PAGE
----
7:30-Closing College Night and Open Mic Night hosted by Mike Preslar. Join Lost Province for Open Mic Night hosted by Mike Preslar. Sign up beginning at 6:30PM. You must be present. Sing, Play, or Stand Up Comedy. Show us your talent! 15 min. time slots. Keep it ‘Family Friendly. Sound Equipment provided. Hosted by ‘Cowboy Mike. For more information, contact Mike at (828)-387-0805. The Rotaract Club is partnering with Lost Province Brewing Company for Open Mic Night. All tips generated from the performers will be donated to Rise Against Hunger meal packing event. RAH is an organization whose mission is to end hunger in our lifetime by providing food and life-changing aid to the world’s most vulnerable and creating a global commitment to mobilize the necessary resources. This spring Rotaract Club will be hosting a RAH meal packing event with a goal of packing 10,000 meals! So come join us to listen to some local talent, tip for a cause and enjoy great food. All talents are welcome!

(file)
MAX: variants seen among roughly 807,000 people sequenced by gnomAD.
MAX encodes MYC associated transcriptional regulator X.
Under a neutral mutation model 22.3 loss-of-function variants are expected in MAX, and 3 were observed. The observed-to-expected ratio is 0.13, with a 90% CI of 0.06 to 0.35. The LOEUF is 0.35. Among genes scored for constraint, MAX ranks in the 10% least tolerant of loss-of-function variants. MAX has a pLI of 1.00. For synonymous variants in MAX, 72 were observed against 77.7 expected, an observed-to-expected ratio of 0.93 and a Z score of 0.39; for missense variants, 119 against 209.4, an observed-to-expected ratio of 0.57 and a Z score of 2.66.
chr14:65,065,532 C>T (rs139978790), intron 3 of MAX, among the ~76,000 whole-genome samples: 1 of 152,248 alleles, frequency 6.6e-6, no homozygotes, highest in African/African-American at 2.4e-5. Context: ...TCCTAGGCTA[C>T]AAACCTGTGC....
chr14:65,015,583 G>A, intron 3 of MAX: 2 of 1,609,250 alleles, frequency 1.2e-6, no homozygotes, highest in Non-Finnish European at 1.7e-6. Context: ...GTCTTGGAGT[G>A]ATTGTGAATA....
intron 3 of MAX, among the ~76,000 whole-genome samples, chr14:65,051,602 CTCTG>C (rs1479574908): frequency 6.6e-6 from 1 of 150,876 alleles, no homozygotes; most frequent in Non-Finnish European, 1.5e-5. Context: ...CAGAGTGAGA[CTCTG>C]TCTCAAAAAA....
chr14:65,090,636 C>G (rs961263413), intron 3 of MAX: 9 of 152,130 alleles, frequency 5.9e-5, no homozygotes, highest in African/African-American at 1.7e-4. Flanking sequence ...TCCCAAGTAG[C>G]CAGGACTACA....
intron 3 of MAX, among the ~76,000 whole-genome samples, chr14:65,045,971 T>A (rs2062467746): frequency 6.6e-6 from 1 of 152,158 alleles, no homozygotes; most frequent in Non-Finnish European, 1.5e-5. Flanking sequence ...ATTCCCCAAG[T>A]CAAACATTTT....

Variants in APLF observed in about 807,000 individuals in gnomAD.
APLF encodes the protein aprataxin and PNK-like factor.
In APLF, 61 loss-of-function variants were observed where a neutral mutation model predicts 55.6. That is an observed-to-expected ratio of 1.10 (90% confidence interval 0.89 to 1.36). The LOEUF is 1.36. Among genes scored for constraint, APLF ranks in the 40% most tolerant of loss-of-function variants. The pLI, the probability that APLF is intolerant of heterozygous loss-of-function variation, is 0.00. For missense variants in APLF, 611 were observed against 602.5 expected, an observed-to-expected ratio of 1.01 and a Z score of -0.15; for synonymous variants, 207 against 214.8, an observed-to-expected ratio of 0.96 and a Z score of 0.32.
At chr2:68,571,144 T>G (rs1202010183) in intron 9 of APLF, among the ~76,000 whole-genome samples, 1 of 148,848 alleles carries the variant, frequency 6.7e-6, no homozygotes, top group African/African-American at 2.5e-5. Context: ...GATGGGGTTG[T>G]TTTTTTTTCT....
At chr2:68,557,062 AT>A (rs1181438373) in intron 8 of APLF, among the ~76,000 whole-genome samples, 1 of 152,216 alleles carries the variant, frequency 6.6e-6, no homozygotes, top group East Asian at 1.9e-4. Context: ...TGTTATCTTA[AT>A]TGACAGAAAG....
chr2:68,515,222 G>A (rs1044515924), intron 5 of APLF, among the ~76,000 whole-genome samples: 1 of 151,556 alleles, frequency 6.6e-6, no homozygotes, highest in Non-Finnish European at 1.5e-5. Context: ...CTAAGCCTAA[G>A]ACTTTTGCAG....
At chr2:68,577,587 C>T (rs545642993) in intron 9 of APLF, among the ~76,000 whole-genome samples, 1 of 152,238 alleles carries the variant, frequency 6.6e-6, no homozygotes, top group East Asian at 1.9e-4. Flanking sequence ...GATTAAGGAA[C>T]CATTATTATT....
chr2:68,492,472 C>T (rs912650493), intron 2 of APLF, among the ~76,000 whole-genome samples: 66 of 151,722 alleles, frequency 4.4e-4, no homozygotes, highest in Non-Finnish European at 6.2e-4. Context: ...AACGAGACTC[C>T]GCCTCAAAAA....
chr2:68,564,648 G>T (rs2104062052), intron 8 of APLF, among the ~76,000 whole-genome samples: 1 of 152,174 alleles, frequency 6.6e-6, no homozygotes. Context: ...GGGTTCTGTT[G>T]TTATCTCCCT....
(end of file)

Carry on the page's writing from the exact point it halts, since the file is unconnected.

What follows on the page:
Friday February 22
7:30pm-Closing: Angela Easterling Duo. Angela Easterling lives with her partner and their two young sons on the South Carolina farm that has been in her family since 1791. She is a three-time Kerrville New Folk Finalist, a Telluride Troubadour Finalist and a two-time Wildflower Performing Songwriter Finalist. The Boston Herald named her song “The Picture” “Best Political Country Song” in their Year’s best music. Her most recent release, 2015’s “Common Law Wife”, went all the way to number 1 on the Roots Music Report Americana Country Airplay Chart, and remained in the top 5 on that chart for nearly 2 months, closing the year out as #12 on the top 100 albums, and earning much praise in the press. Roger McGuinn, of the Byrds, called her “a bright shining star on the horizon!” and went on to say, “Her CD brought me back to the time the Byrds recorded “Sweetheart of the Rodeo” – tradition meets youthful exuberance.”